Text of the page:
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  1. The Merton Reportan AIMES/IGBP-ESA partnershipAs Earth System science advances and matures, it must be supported by robust and integrated observation systems Dave Schimelpast chair, AIMES and Peter Cox, Chair AIMES

  2. The Merton Report http://www.igbp.net/publications/themertoninitiative.4.7815fd3f14373a7f24c256.html

  3. Model uncertainties • What is the modern carbon budget? • What processes result in the modern carbon budget? • How will this change in the future? • Existing data for benchmarking are grossly inadequate and do not constrain fluxes are critical scales. Detection – attribution - prediction

  4. What controls the airborne fraction: what will cause it to change?

  5. Fossil emissions: growing uncertainty OCO-2 will collect ~380 Soundings/degree of latitude (>106 soundings/day). With Dave Keeling’s flask sampling strategy that would be equivalent to 800 years of data.

  6. Framework • Emissions from fossil and land use (forcing) • b(CO2) = response to changing concentration (partitioned into land and ocean). • g (T, ppt, circulation…) = climate response (partitioned into land and ocean, futher partitioned by climate term).

  7. Terrestrial “tipping elements”The two “poles” of the carbon cycle

  8. b Key observations GPP NEE Biomass Plant function Land cover

  9. gland Key observations: GPP NEE Biomass LAI/FPAR Plant function Fire frequency Burned area Water stress Freeze-thaw

  10. Terrestrial models depend on PFT-specific parameters

  11. Plant functional types: CMIP6 improvements neededextrapolation using airborne as the near-term solution? Currently ~20 globally, 16,000 species in the Amazon alone. Most key land model parameters depend on PFT definition. Change in data density with HyspIRI HyspIRI will increase the amount of information from 102/degree to 108.

  12. Data gaps Fluxes Stocks Parameters

  13. Ocean observations

  14. Human system data

  15. Observations for Future Earth

  16. Merton High Level Requirements • The observing system shall be free, open, and interoperable • The observing system shall collect data and provide information on the Earth System at a scale that is suitable to advance science and inform policy and management. • The observing system shall provide usable information from its observations to enable its access and use for education, scientific discovery, and to inform policy and management. • The observing system shall produce data with the appropriate temporal and spatial resolution, extent and duration, accuracy, and precision to allow detection, attribution, and forecasting • Standardization of information products in a global context is required, to allow common information to be drawn from a globally distributed network of sites. • Data collected and archived to allow aggregation and disaggregation in a consistent and traceable manner e.g. in situ measurements should be collected to allow calibration and validation of space-based observations used for extrapolation. • Data shall be traceable with provenance and include characterization of uncertainty.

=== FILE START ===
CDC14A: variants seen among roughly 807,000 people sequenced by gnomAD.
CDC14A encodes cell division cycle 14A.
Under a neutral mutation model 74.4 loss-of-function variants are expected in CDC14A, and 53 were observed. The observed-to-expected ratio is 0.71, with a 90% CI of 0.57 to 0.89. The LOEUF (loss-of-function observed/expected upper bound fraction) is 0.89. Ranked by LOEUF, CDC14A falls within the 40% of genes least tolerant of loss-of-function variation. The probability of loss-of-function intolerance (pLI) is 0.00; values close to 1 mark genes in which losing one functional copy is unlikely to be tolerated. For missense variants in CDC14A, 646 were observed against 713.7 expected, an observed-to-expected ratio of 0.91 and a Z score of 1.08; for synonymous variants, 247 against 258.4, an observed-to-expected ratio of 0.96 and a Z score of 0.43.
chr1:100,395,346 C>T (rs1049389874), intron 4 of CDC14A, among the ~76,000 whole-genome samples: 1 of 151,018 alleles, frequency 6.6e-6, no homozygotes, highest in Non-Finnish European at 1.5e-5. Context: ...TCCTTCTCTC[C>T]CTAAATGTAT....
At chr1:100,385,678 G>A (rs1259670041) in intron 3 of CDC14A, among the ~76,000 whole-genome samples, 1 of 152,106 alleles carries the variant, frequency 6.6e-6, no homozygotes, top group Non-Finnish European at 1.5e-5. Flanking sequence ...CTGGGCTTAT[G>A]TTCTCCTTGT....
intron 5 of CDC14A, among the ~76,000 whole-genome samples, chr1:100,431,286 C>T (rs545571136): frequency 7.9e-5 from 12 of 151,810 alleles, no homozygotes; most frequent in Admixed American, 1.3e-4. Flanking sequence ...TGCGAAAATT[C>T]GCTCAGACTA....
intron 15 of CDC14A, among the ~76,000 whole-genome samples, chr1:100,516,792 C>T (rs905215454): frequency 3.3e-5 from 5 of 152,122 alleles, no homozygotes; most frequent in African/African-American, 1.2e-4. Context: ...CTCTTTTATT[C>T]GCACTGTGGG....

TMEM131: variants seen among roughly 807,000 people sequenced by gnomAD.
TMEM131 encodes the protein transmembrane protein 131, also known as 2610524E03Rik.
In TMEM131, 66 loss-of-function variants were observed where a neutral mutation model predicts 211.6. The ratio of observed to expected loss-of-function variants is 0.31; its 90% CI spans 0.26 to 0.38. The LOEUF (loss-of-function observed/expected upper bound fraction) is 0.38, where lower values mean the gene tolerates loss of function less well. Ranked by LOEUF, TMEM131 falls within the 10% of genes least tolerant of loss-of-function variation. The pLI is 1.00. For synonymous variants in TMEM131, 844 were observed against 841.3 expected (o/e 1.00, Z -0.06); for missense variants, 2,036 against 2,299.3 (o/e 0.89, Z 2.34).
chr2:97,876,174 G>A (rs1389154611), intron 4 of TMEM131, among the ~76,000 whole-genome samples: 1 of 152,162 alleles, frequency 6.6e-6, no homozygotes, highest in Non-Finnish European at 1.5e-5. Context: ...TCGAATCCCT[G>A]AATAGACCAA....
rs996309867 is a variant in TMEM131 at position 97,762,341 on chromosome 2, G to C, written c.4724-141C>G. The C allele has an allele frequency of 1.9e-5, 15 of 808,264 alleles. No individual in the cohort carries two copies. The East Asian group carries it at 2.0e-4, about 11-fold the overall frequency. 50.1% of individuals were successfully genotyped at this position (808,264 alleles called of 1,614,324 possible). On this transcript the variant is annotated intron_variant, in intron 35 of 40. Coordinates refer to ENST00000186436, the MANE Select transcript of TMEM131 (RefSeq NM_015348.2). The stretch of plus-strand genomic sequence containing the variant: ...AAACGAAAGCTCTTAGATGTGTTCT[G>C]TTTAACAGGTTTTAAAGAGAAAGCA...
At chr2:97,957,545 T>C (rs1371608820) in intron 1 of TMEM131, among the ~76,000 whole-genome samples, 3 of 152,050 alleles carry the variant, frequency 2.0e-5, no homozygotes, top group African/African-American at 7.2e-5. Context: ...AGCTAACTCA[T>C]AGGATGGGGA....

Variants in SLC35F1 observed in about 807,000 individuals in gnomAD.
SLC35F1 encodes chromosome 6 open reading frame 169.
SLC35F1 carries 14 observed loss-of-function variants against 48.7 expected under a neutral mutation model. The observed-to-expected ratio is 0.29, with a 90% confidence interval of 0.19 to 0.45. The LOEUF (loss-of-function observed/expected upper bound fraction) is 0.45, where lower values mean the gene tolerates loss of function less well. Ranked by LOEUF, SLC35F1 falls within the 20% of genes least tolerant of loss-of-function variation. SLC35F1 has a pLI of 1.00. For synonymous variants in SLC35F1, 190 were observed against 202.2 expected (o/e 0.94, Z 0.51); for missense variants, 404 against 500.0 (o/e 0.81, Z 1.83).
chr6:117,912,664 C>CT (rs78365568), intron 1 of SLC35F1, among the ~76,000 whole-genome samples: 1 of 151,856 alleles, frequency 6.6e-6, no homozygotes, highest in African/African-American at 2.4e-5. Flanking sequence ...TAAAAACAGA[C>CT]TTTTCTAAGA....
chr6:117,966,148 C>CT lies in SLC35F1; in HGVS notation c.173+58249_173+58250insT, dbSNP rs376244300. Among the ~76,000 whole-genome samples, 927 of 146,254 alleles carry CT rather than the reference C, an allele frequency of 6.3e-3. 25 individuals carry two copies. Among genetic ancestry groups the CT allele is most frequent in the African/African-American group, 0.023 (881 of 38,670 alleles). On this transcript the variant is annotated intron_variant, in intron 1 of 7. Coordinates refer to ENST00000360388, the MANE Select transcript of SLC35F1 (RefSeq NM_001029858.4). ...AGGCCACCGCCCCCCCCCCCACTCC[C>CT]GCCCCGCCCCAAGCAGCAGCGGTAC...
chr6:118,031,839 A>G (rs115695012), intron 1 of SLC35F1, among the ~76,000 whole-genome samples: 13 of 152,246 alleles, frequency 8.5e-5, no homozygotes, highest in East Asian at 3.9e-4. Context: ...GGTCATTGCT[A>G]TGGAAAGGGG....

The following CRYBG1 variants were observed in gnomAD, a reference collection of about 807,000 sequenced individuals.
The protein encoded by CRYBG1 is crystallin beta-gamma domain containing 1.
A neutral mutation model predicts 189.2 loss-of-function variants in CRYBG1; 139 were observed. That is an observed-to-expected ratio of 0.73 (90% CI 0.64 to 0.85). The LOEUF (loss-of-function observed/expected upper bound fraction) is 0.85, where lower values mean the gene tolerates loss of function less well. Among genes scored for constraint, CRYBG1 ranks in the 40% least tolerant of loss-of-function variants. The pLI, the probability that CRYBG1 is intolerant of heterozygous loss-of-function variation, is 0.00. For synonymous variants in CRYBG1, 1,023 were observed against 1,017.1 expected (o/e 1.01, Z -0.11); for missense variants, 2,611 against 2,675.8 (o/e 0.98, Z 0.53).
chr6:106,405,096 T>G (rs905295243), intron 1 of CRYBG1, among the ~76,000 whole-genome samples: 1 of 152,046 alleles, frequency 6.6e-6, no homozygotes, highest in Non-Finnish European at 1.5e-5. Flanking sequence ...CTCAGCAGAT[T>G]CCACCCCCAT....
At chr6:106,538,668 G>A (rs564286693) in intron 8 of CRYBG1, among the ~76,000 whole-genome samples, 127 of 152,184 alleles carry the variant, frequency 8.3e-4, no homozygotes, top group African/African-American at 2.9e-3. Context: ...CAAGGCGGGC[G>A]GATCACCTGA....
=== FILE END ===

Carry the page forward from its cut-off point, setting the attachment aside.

17. Requirements.. • The observing system shall provide the observations of Earth System drivers and response that are required to establish the links between cause and effect as a basis for attribution and prediction • Observations should allow the detection and attribution of interactive processes at multiple scales e.g. a farmer’s decisions are influenced by global commodity prices and local environmental conditions, such as soil moisture. • The priority will be to establish observing systems in data-poor regions with high Earth System impact, to maximize the science value for each increment of new data. • The system shall be designed with human and technological capacity building as a priority. • The system should be flexible and adaptable to changing questions, scales, conditions and technology to allow for decadal-centennial operation.